Monday, 22 February 2016

Sumac-the right kind of sour

I haven´t written about foraging for a while now.This is because I haven´t found the time to venture out into the wild with this mission in mind. I was however recently the recipient of a bounty of sumac from a fellow forager and one of our guests who has now visited Casa Rosada on two occasions. Like ourselves he and his vivacious wife( who co-incidentally came to us by this blog) have made the Algarve their choice for retirement.
 There is always something fascinating to learn from Brian.I was particularly taken by him  waxing lyrical on a new way of preserving Danish plums.On his first visit I learnt from him that Sumac (Rhus Corairia) actually grows in the western end of the Algarve.Can you imagine my excitement, I needed not only to find out more, but find and forage some for myself.I never managed and one year later on their second visit he brought me a few branches to try.He calls himself " a botanist and retired lecturer in aquaculture "....or perhaps... just superhero would be more appropriate?
Sumac is the product of Rhus coriaria, a bush that grows in Mediterranean and Middle Eastern climates. Its berries, usually sold in the form of glistening, deep red flakes, have an astringency tempered with fruity sweetness. It's most commonly used in the spice mix za'atar, the beguiling Lebanese condiment, along with thyme, sesame seeds and salt, but it definitely earns its place in my Algarve kitchen.I rub it on oily fish or pork chops before grilling, stir into steamed vegetables with a little butter or olive oil, sprinkle over tomato salads or grilled onions. For an intriguing one-fruit salad that takes you back to old fashioned half-time refreshment,I scattered it over sliced oranges; mix it with garlic, ginger, chillies and yoghurt for a very good marinade for lamb or chicken kebabs.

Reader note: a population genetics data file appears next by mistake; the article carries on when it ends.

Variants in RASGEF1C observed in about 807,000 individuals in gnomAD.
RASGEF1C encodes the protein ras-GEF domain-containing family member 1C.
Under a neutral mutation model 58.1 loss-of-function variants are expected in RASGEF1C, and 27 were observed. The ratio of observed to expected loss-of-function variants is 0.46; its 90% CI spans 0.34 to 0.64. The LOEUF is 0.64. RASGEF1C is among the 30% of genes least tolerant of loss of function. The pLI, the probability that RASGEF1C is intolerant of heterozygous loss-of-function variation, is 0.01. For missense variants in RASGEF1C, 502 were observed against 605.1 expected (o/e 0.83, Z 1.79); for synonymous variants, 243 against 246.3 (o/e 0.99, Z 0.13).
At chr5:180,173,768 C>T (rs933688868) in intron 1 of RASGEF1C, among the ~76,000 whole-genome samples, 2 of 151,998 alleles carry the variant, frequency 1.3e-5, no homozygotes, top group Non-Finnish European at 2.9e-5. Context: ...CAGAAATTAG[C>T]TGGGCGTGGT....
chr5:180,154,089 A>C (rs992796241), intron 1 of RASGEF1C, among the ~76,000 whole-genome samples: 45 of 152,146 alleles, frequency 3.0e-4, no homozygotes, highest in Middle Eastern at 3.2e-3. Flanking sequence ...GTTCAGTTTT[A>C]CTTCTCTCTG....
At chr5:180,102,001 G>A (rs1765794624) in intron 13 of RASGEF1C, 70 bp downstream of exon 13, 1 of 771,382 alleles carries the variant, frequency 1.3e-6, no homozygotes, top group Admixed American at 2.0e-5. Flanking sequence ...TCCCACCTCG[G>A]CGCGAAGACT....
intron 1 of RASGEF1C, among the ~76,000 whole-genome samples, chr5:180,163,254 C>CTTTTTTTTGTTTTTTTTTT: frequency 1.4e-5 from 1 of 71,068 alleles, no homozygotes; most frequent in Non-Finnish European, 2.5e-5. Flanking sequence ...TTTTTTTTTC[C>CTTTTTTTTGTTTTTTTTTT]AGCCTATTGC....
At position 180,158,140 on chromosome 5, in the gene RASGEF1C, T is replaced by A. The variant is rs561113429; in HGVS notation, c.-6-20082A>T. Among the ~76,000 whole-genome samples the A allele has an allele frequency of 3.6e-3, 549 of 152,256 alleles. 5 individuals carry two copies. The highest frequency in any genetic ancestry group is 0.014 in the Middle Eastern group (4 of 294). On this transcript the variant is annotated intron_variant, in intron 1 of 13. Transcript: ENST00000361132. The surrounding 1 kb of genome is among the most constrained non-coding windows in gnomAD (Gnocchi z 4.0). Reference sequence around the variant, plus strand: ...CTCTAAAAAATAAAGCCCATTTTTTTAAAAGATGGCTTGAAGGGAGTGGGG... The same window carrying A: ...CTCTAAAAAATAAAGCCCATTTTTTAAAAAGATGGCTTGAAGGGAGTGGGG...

Casa Rosada´s tuna kebabs dusted with sumac
The right kind of sour makes things taste brighter, cleaner and sharper – think of that squeeze of lemon over a piece of fish, or a splash of lime in a salsa; it zings the thing right up. But If you have not already come across this tangy, sweet-sour spice,I want to introduce you to something you may have not cooked with before, something that takes you way beyond the familiar tang of citrus.
It delivers sourness with intriguing depth and character. It’s better, I think, than paprika for making a stunning dusting on top of hummus or a plate of fish.
Whether anointing your creative plate with its dust or making it an integral part of a dish now is the time of year to betrothe it with some lovely Sevillian orange.What claims to be the "greatest British biscuit"can be made even greater with a tarter than tart and tangy dust and the grated zest of bitter orange.


Orange, Polenta And Wild Sumac Shortbread 
Ingredients for 24 servings

150g(5oz) plain flour
25g(1oz) fine polenta /milho (for added crispness)
50g(2oz) caster sugar
125g unsalted butter
Grated zest 1 large Seville orange
Topping 1 tablespoon powdered wild sumac 
and sprinkling of caster sugar
Sift the flour into a bowl.Rub the grated orange zest into the sugar with your fingers. Stir in the Semolina,followed by the zested sugar.Add the butter.cut it in with a knife and then rub in with your fingertips.Draw the mixture together to form a crumble mixture.Transfer to an ungreased 17.5cm (7inch) diameter tin.Press out smoothly until the tin is covered with an even layer of the mixture.Spread the surface evenly with a palette knife.
Ridge the edges with a fork and then prick it all over at regular intervals to give a typical shortbread effect.Sprinkle with sugar.Bake for 1 hour in a pre-heated oven 180C/ 300F /Gas mark 3 The shortbread should be the colour of pale straw. Remove from the oven.Dust with a fine carpet of Sumac.Cool to lukewarm then carefully score into 8 wedges.Carefully ease the shortbread from its tin.Transfer to a wire cooling rack until completely cold.

When cool carefully ease the shortbread out of the tin

1 comment:

  1. Super information. Must get my sister (lives in the Alentejo) to go foraging for me!!

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